An immersive new media exhibition project that uses the arts to explore the science, history and social context of water in Philadelphia and the Delaware River Watershed is in the works, thanks to a grant from The Pew Center for Arts & Heritage to the Academy of Natural Sciences of Drexel University.
The nearly $300,000 grant announced Wednesday by the Center funds the development of an innovative approach to engaging people to care about their environment and to making science more visible, accessible and understandable. That exciting new approach uses the arts to explain the science, and the Academy is calling it DEEP DIVE.
DEEP DIVE merges the private experiences of mapping and listening with interactive storytelling in an accessible, hybrid physical and online experience. This new kind of experience animates the research of six Academy water scientists and is led by two world-class artists to harness the energy of live theater with active user experiences. The Academy’s partners are:
- Whit MacLaughlin of Philadelphia, who has a rich history of developing hybrid performances in collaboration with large city institutions.
- Janani Balasubramanian of New York, who has extensive experience collaborating with astrophysicists at the American Museum of Natural History and others.
Academy President and CEO Scott Cooper noted DEEP DIVE marks a new chapter in the natural history museum’s approach to reaching new audiences, especially young and middle-age adults and inspiring them to connect with nature in a more profound way. The interactive project also demonstrates a new entrepreneurial response to the social restrictions due to COVID-19 and consumers’ preference to be outside when they can.
“We are actively innovating the way we engage people of all ages through our integration of art and science to tell our stories and the stories about our long history of cutting-edge water research,” said Cooper. “It’s never been more important than now, when we are dealing with the effects of climate change.”
DEEP DIVE will include audio stories of Academy scientists describing the passion, curiosity and background that undergirds their research, along with how race, class and place inform Philadelphia’s relationship to water. The public will be able to access the stories by dialing phone numbers made available through maps (accessible via paper or online) that are beautifully illustrated with overlaying features of the Delaware River Watershed, Philadelphia streets, drainage systems, and primordial waterways that lie deep underground. The audio experiences will include scientists’ voiceover along with original composed music and sound design.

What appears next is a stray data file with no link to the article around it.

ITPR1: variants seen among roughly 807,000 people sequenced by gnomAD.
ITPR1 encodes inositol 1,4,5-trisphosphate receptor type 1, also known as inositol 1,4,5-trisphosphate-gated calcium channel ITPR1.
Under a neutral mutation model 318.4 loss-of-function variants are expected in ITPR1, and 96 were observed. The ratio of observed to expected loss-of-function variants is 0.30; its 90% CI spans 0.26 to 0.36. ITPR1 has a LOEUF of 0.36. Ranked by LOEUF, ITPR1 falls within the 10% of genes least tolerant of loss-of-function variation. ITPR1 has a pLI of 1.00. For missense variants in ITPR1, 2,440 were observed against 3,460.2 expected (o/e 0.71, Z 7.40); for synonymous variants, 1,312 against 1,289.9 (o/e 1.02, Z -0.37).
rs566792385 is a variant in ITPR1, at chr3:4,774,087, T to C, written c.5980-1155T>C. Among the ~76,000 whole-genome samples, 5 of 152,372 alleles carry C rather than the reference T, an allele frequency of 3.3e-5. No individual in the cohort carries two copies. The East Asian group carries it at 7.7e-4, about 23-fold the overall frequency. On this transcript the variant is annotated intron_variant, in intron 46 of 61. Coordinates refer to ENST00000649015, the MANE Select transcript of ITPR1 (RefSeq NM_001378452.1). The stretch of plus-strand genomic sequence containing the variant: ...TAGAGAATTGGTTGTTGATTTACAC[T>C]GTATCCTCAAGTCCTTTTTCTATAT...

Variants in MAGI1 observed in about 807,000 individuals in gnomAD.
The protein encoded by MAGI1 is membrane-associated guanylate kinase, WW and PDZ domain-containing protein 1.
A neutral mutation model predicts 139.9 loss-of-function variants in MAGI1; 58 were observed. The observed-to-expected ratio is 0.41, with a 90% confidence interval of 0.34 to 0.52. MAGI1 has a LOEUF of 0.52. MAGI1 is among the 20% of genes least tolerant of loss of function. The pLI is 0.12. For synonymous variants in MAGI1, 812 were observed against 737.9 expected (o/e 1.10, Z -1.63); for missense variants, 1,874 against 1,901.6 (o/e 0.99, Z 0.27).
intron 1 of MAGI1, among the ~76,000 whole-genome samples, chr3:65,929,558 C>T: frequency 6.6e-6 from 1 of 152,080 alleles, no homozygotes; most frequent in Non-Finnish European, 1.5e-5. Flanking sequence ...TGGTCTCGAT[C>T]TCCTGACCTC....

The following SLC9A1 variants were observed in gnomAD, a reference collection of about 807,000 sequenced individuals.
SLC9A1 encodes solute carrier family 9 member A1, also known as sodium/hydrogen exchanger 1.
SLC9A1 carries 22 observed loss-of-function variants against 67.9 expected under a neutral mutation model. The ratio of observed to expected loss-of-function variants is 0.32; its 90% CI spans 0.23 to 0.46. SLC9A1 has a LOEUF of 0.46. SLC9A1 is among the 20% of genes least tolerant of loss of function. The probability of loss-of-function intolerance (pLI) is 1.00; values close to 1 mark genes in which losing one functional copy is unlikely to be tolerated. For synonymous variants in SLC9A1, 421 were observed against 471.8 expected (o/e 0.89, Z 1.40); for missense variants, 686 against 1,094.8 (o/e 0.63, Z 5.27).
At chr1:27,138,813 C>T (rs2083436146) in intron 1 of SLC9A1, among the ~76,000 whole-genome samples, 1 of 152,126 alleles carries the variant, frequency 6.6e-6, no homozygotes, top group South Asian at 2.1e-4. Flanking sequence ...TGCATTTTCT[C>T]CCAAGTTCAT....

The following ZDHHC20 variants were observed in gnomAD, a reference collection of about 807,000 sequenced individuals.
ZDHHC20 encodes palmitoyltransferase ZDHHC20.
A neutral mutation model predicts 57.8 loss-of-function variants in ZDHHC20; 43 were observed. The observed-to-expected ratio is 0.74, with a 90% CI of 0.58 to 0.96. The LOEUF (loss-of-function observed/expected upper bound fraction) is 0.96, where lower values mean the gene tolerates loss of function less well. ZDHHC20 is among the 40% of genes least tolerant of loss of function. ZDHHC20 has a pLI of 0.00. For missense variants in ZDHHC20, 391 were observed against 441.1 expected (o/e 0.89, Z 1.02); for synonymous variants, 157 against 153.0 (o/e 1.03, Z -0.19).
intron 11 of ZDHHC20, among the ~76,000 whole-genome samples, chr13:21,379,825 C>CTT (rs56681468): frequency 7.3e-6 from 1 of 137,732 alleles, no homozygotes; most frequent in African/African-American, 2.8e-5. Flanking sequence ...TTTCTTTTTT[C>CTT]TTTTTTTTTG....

Users will discover some of these phone numbers in multiple ways: through game-like hints embedded within the maps, audio experiences and graphic physical markers on Philadelphia streets. They will also leave messages for each other through both online and physical delivery.
Users will be able to experience the piece in any location: at home, outdoors and inside the museum. Translation and captioning in both English and Spanish will be available to welcome deaf and Spanish-speaking users. Work on developing the project will begin in 2021 and is expected to launch in mid-2022.
The idea for DEEP DIVE originated with Academy Chief Learning and Engagement Officer Niki Stewart, an artist with 25 years of experience in the arts and culture sector before coming to the Academy in 2019. She said the project is motivated by the institution’s mission and the institution’s long track record of Delaware River research and leadership in the Delaware River Watershed Initiative.
“Academy scientists have been devoted to understanding, protecting and restoring the health of watersheds since 1947. Our mission involves building a movement of environmentally engaged communities for a healthy, sustainable and equitable planet by informing and convening critical conversations about the natural world,” Stewart said. “Through DEEP DIVE, we are now reimagining the relationship among scientist, artist and the public. We will make science more visible as a practice of collaboration and storytelling, highlight water as an ecological protagonist in Philadelphia, and engage the whole city and its watershed as the site of a rich, live and dynamic drama.”
By Carolyn Belardo
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